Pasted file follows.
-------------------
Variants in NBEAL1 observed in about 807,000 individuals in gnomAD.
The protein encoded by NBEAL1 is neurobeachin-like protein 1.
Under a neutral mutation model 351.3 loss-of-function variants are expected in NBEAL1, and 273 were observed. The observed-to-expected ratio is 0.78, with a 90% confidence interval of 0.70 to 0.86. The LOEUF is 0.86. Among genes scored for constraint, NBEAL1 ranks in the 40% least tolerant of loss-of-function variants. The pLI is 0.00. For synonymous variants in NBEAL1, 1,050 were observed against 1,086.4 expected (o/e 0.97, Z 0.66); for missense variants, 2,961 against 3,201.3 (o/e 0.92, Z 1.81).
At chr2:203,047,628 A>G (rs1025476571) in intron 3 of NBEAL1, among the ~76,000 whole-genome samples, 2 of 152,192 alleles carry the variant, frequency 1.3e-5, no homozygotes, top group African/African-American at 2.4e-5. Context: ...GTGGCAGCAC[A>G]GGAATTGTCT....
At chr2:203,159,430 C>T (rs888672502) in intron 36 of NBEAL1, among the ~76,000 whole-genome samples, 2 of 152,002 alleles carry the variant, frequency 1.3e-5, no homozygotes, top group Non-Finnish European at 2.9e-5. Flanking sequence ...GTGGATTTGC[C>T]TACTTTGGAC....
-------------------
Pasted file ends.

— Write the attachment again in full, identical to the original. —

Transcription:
Variants in NBEAL1 observed in about 807,000 individuals in gnomAD.
The protein encoded by NBEAL1 is neurobeachin-like protein 1.
Under a neutral mutation model 351.3 loss-of-function variants are expected in NBEAL1, and 273 were observed. The observed-to-expected ratio is 0.78, with a 90% confidence interval of 0.70 to 0.86. The LOEUF is 0.86. Among genes scored for constraint, NBEAL1 ranks in the 40% least tolerant of loss-of-function variants. The pLI is 0.00. For synonymous variants in NBEAL1, 1,050 were observed against 1,086.4 expected (o/e 0.97, Z 0.66); for missense variants, 2,961 against 3,201.3 (o/e 0.92, Z 1.81).
At chr2:203,047,628 A>G (rs1025476571) in intron 3 of NBEAL1, among the ~76,000 whole-genome samples, 2 of 152,192 alleles carry the variant, frequency 1.3e-5, no homozygotes, top group African/African-American at 2.4e-5. Context: ...GTGGCAGCAC[A>G]GGAATTGTCT....
At chr2:203,159,430 C>T (rs888672502) in intron 36 of NBEAL1, among the ~76,000 whole-genome samples, 2 of 152,002 alleles carry the variant, frequency 1.3e-5, no homozygotes, top group Non-Finnish European at 2.9e-5. Flanking sequence ...GTGGATTTGC[C>T]TACTTTGGAC....